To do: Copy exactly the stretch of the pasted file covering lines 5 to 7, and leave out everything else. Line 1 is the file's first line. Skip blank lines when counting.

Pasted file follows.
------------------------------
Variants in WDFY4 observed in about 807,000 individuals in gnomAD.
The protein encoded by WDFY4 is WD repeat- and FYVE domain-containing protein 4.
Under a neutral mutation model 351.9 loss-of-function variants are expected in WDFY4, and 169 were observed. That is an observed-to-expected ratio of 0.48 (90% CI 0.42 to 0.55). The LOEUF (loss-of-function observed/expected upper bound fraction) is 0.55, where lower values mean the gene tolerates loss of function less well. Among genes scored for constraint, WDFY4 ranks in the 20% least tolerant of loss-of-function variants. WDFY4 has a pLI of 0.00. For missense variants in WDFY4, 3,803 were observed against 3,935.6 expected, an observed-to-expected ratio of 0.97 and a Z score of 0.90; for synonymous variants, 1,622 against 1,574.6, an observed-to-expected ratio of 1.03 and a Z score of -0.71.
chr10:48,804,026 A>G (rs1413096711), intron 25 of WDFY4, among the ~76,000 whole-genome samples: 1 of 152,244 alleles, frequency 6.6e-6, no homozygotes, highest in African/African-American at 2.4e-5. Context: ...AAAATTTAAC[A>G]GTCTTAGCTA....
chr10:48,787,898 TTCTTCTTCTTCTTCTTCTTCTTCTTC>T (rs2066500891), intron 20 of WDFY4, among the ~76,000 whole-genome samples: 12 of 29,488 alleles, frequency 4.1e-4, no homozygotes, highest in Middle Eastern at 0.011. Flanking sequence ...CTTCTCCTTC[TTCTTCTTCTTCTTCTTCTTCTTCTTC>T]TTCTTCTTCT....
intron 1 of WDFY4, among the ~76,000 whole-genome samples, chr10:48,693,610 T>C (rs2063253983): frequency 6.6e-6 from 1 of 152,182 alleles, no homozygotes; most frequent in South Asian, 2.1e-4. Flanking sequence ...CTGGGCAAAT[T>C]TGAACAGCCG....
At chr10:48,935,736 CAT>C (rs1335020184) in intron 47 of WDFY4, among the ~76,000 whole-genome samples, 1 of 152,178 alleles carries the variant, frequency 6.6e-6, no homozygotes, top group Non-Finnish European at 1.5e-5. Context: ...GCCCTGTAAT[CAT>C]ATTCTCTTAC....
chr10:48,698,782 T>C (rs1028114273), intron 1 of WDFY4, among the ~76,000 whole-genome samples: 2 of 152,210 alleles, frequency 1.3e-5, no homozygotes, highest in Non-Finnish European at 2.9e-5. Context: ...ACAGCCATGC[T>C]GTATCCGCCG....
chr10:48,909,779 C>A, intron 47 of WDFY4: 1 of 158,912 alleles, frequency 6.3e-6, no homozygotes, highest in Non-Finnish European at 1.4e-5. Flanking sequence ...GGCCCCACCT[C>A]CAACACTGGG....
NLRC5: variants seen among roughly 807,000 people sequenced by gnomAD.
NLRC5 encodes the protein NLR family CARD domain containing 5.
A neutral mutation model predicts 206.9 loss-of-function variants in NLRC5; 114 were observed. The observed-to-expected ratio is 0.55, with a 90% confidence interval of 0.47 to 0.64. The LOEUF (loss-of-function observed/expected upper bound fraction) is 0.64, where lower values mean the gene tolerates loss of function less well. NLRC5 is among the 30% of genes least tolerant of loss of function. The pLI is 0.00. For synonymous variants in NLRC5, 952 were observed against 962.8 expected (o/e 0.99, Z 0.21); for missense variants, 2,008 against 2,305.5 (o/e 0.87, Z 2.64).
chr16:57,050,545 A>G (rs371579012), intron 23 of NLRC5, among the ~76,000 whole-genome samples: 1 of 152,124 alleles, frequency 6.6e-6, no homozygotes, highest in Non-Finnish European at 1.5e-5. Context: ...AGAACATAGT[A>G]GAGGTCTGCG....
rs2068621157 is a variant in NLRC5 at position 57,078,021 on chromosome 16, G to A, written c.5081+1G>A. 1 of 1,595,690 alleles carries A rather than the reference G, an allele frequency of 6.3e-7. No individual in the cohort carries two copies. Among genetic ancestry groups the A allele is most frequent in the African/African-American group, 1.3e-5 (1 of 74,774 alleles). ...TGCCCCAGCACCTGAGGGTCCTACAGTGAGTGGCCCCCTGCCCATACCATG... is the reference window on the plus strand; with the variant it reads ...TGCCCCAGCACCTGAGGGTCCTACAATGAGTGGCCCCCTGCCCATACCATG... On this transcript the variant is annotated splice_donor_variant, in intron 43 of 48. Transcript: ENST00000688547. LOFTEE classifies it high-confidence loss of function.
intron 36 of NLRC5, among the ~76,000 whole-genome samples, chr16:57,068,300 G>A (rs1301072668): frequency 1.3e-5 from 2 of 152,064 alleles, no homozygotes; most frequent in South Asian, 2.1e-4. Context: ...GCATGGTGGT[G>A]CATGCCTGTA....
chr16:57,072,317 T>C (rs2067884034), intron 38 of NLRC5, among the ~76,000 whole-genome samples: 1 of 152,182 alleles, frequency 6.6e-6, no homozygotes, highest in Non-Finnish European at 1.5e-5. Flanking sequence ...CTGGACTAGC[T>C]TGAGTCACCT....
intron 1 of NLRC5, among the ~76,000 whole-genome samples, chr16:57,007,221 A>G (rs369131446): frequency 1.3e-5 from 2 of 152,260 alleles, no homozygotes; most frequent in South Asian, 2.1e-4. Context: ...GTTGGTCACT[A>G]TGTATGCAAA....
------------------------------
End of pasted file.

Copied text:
chr10:48,787,898 TTCTTCTTCTTCTTCTTCTTCTTCTTC>T (rs2066500891), intron 20 of WDFY4, among the ~76,000 whole-genome samples: 12 of 29,488 alleles, frequency 4.1e-4, no homozygotes, highest in Middle Eastern at 0.011. Flanking sequence ...CTTCTCCTTC[TTCTTCTTCTTCTTCTTCTTCTTCTTC>T]TTCTTCTTCT....
intron 1 of WDFY4, among the ~76,000 whole-genome samples, chr10:48,693,610 T>C (rs2063253983): frequency 6.6e-6 from 1 of 152,182 alleles, no homozygotes; most frequent in South Asian, 2.1e-4. Flanking sequence ...CTGGGCAAAT[T>C]TGAACAGCCG....
At chr10:48,935,736 CAT>C (rs1335020184) in intron 47 of WDFY4, among the ~76,000 whole-genome samples, 1 of 152,178 alleles carries the variant, frequency 6.6e-6, no homozygotes, top group Non-Finnish European at 1.5e-5. Context: ...GCCCTGTAAT[CAT>C]ATTCTCTTAC....